12) become active in your state association. these guys WILL help you.
13) don't think you are the only unlucky ba-s-s(turd) on the planet. everyone struggles, it builds character:) I have lived on a cot in a storage shed, with an ancient gas heater hooked up to a propane tank (on the property of the guy I was apprenticing with). I've rented a trailer and lived with only a three legged couch for furniture, couldn't pay the gas heating bill, no gas to stay warm or cook on the stove, or take a hot shower..... or at least I thought, I took ice cold showers for two months before I turned the hot water on..... waited a while, and found out I had an electric hot water heater. (st-u-p-id):rolleyes: I've slept in horse stalls, horse trailers, I've had to ration out dry cheerios for weeks between me and my dog. wow memories:) when you are down on your luck, it just makes you all the more driven, all the more motivated, to be successful and make a way when there does not appear to be a way. It should make you angry and hungry to learn all you can and work on your weaknesses. If some other knucklehead can make a living doing this, so can you. These times your in now, will only make you appreciate the success that will come, and they are the times in which you will forge your foundation for that success. Its a gut check on how bad do you want it, I think your just being tested.
hope something i said may help you, good luck
Rick Talbert
The administrator has disabled public write access.

RE:picking up work 15 May 2009 02:39 #13

  • westtxshoer
  • westtxshoer's Avatar
  • OFFLINE
  • Very Senior Member
  • Posts: 821
  • Karma: 0
Well said, Rick, and good advice.

Brad, I would like to add that when you have few to shoe, you have time to make every job as near perfect as can be. When an owner or trainer sees that you take pride in your shoeing and give the job a little extra, the referalls will come.
RJ Little
Merkel, Texas
817-341-9857

"I ain't askin' nobody for nuthin', if I can't get it on my own." - Charlie Daniels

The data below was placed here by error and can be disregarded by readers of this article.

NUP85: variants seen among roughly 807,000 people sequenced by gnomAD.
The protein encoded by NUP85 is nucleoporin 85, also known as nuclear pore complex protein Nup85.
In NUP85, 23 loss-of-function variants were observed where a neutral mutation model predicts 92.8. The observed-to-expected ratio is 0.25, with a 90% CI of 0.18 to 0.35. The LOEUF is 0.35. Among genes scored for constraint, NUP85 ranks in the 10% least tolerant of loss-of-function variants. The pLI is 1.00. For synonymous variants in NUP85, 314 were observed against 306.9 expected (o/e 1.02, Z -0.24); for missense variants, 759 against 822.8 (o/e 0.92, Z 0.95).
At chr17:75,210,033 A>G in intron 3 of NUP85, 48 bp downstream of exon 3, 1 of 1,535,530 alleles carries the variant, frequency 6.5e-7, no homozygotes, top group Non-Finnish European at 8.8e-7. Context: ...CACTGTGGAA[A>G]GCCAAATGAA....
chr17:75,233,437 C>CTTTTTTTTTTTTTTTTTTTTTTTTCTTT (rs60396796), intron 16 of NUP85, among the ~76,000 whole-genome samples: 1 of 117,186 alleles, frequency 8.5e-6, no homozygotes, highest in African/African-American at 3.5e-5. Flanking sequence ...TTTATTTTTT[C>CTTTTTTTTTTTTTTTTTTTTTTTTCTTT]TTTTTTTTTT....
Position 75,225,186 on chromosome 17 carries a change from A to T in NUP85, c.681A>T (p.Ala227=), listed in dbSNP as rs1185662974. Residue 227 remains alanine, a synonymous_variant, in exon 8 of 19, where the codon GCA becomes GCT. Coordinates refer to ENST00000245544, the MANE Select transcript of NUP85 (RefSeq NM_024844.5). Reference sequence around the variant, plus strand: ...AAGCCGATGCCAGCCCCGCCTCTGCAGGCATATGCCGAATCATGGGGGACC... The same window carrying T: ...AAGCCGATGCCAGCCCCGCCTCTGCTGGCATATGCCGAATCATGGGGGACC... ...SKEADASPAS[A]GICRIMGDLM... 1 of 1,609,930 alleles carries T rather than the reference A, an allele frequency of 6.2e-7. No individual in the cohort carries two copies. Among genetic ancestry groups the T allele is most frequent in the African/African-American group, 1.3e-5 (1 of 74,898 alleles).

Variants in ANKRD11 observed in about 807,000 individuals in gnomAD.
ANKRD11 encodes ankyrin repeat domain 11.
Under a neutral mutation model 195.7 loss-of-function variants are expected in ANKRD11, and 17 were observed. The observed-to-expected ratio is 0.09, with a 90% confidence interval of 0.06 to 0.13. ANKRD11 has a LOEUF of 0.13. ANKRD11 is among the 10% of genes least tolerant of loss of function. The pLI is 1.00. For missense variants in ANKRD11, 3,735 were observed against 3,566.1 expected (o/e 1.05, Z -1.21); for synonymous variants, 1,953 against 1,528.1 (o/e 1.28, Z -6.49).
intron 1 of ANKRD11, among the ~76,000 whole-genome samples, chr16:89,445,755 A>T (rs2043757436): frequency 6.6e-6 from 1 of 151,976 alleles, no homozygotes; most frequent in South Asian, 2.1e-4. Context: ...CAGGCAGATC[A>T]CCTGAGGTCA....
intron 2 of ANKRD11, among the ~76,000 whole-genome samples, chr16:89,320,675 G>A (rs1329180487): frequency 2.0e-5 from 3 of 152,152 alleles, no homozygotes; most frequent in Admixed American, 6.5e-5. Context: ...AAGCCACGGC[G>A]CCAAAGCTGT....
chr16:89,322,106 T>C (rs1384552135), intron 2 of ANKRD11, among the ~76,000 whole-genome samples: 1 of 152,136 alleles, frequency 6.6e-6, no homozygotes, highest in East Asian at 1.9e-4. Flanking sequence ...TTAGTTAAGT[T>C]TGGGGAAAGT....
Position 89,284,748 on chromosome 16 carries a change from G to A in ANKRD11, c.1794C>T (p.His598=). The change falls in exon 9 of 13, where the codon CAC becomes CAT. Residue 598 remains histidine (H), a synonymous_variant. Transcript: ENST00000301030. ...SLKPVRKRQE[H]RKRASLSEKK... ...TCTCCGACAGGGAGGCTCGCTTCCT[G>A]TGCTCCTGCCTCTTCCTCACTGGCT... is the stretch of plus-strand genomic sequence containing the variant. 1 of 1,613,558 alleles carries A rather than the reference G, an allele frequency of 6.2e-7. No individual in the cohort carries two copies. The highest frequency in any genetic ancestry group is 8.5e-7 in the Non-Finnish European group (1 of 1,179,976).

The administrator has disabled public write access.

RE:picking up work 15 May 2009 02:59 #14

I think your problem is you are looking for someone to work for.

Stop looking for someone to work for and look for someone to apprentice with, not expecting anything in return. After you have apprenticed with some one for a while they will start sending you their over flow.



I just wrote that in general terms. Even in the apprentice perspective i can find anything. im not just making up excuses so you guys feel bad for me everything i type and word on here is truthful. I had a few things lined up but everytime id call they would tell me that there other guy was helping or i would just get in the way. Or youll cost me more then youll earn me. etc. Ive never dealt with a worse group of people in my area then some of the farriers. and the only reason i got ahold of so many was because of me being so determined. And i kept calling back day after day until i got a "NO" As far as all the advice you have given i have a nice rig. i dress profession. work hard. make my work look great. etc etc. i have a nice looking trailor i work out of that i save for. I just dont no what else to do
The administrator has disabled public write access.

RE:picking up work 15 May 2009 03:26 #15

  • Rick Talbert
  • Rick Talbert's Avatar
  • OFFLINE
  • Master
  • Posts: 1191
  • Thank you received: 1
  • Karma: 2
Brad Beers wrote:
I think your problem is you are looking for someone to work for.

Stop looking for someone to work for and look for someone to apprentice with, not expecting anything in return. After you have apprenticed with some one for a while they will start sending you their over flow.